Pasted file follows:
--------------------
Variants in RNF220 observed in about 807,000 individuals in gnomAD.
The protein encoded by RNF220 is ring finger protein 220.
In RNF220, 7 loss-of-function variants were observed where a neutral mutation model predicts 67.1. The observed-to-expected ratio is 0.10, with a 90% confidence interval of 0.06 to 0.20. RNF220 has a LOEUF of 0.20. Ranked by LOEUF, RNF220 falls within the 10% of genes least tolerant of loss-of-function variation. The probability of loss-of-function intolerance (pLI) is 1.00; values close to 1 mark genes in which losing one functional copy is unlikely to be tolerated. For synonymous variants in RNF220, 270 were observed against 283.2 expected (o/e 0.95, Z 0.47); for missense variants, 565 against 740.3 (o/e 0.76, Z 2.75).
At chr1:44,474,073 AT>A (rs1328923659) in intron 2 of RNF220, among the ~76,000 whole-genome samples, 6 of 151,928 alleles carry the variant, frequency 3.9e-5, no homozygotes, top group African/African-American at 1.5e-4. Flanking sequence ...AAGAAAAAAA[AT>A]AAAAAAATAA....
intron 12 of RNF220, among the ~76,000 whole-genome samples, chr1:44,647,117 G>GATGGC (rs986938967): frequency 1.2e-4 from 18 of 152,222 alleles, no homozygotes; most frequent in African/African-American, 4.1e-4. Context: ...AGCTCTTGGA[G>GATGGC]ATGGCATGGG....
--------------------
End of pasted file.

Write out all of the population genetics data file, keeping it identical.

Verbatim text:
Variants in RNF220 observed in about 807,000 individuals in gnomAD.
The protein encoded by RNF220 is ring finger protein 220.
In RNF220, 7 loss-of-function variants were observed where a neutral mutation model predicts 67.1. The observed-to-expected ratio is 0.10, with a 90% confidence interval of 0.06 to 0.20. RNF220 has a LOEUF of 0.20. Ranked by LOEUF, RNF220 falls within the 10% of genes least tolerant of loss-of-function variation. The probability of loss-of-function intolerance (pLI) is 1.00; values close to 1 mark genes in which losing one functional copy is unlikely to be tolerated. For synonymous variants in RNF220, 270 were observed against 283.2 expected (o/e 0.95, Z 0.47); for missense variants, 565 against 740.3 (o/e 0.76, Z 2.75).
At chr1:44,474,073 AT>A (rs1328923659) in intron 2 of RNF220, among the ~76,000 whole-genome samples, 6 of 151,928 alleles carry the variant, frequency 3.9e-5, no homozygotes, top group African/African-American at 1.5e-4. Flanking sequence ...AAGAAAAAAA[AT>A]AAAAAAATAA....
intron 12 of RNF220, among the ~76,000 whole-genome samples, chr1:44,647,117 G>GATGGC (rs986938967): frequency 1.2e-4 from 18 of 152,222 alleles, no homozygotes; most frequent in African/African-American, 4.1e-4. Context: ...AGCTCTTGGA[G>GATGGC]ATGGCATGGG....